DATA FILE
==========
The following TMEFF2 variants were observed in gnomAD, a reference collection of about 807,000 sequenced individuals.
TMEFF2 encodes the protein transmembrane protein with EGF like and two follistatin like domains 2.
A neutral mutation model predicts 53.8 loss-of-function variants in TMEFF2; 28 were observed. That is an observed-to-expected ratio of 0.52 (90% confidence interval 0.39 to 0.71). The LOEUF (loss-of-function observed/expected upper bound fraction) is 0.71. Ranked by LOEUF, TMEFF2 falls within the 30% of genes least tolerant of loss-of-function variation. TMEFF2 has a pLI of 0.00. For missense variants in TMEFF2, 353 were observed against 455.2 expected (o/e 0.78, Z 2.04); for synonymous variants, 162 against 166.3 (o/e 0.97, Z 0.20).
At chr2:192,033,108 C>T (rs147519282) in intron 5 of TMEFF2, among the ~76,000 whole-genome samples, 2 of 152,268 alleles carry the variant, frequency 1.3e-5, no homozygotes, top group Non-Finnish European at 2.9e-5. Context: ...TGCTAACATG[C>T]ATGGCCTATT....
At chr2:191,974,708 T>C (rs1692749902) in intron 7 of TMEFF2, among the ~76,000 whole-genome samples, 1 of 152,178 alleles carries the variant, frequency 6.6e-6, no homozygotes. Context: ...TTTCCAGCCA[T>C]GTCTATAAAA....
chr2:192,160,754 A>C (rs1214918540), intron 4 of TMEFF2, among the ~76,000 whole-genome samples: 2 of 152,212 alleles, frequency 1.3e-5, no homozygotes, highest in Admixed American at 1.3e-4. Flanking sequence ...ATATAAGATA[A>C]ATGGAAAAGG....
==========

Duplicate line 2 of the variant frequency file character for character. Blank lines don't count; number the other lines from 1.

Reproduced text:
TMEFF2 encodes the protein transmembrane protein with EGF like and two follistatin like domains 2.